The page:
HERE’S THE GIST:
The main objective of this project was to redesign an existing e-commerce store to better reflect the needs of the user and business. I selected the Museum of Contemporary Art for this project, a museum whose speciality is in exhibiting unconventional pieces, that also offer work through their online gift store. I determined through my user research that customers were engaged with the store environment itself, and I sought to replicate this experience through my design solution. My final presentation provided a prototype of my redesign for their e-commerce website.
Team Member(s): Mark Pragides
Duration: Two weeks
Tools: Adobe Illustrator, Marvel
SO WHAT’S THE MUSEUM OF CONTEMPORARY ART?
THAT’S COOL, BUT WHAT ARE YOU TRYING TO SOLVE?
Well, the MCA’s brand identity is very much solidified in its expression of the unique and unconventional. And to it’s credit, that extends to the interface design of their e-commerce website:
As our subsequent research determined, there weren’t as many sales through their e-commerce website as opposed to their onsite store. Based on this information, I established the following problem statement:
How am I going to design the MCA’s e-commerce site so that it increases online sales while meeting the goals of the users, the brand, and the business?
GREAT! TELL ME ABOUT YOUR RESEARCH.
CONTEXTUAL INQUIRIES and USER INTERVIEWS
Being that this business is an art museum, I determined early on that onsite research would be crucial to this project. As a result, I visited the MCA in person, their gift shop in particular, to learn more about how they operate.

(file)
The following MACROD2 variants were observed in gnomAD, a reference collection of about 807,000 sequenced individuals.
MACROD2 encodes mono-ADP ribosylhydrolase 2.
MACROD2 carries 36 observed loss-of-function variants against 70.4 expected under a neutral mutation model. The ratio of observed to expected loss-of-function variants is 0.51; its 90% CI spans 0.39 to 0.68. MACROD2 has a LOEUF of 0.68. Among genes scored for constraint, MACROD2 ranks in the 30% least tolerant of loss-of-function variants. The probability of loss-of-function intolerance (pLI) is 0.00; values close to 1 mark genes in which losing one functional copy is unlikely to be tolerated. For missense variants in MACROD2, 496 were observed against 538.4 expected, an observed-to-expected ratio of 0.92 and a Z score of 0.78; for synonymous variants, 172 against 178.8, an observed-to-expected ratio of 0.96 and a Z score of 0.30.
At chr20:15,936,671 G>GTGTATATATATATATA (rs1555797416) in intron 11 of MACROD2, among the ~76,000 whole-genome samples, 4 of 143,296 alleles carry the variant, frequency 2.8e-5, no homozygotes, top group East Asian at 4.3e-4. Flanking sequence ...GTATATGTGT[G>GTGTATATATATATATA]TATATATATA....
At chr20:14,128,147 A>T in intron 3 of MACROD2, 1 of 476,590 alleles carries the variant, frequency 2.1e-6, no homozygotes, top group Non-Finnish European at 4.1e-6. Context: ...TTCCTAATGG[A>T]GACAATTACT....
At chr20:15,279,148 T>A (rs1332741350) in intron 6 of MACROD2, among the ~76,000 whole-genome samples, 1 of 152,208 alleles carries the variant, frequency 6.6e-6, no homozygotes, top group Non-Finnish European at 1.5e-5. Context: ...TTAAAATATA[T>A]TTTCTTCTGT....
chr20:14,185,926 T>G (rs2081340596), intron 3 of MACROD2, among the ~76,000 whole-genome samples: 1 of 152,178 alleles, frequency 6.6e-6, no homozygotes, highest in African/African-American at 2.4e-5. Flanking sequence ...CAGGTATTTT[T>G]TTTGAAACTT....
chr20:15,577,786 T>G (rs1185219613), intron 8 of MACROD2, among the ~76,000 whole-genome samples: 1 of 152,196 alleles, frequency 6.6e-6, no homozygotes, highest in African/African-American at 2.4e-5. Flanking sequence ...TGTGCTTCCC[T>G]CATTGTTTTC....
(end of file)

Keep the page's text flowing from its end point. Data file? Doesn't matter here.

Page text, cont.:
The second main research tool I used was user interviews. I first engaged with the MCA’s employees, learning more about their role in the business and the store’s history. Likewise, I conducted interviews some of their customers, inquiring about their shopping habits, hobbies, and their relationship to the store.
“I wouldn’t really use the website; I’m just interested in browsing the store.”
“We’re an international and localized voice.”
“I usually never shop for myself. I mostly just shop for gifts for other people.”
ANALYSIS TIME! WHAT DID ALL THIS TELL YOU?
OBSERVATIONS & KEY INSIGHTS
Following my research, I then compiled my findings into an affinity map, carefully noting any correlating trends between the customers and the museum’s staff. By threading these observations about the MCA’s store with the data about the users, I discovered a variety of key insights. Most prominently, that the users were engaging with the store itself as opposed to any particular products, as if deliberately taking the role of an observer.
- Emphasis on a “unique” store layout.
- People are initially drawn to the unfamiliar aesthetic.
- For those who have seen it, the confusing website design turns people off.
- The store’s merchandise doesn’t always reflect the desires of the shopper.
- The store itself is the experience.
- People don’t want to commit too much right away in what they don’t understand.
OKAY, HOTSHOT. WHAT’S YOUR DESIGN STRATEGY?
As you can see, these were some truthfully enlightening insights I gained about the user’s relationship towards the MCA. The next step for me was to translate these insights into design principles that could be applied to an e-commerce design solution.
Before moving ahead to the solution, I established the following design principles:
- Emulate the in-person experience of shopping at the Museum of Contemporary Art.
- Replicate the curiosity and wonder found in the actual store.
- Retain the MCA’s business goal of supporting young, diverse, and emerging artists.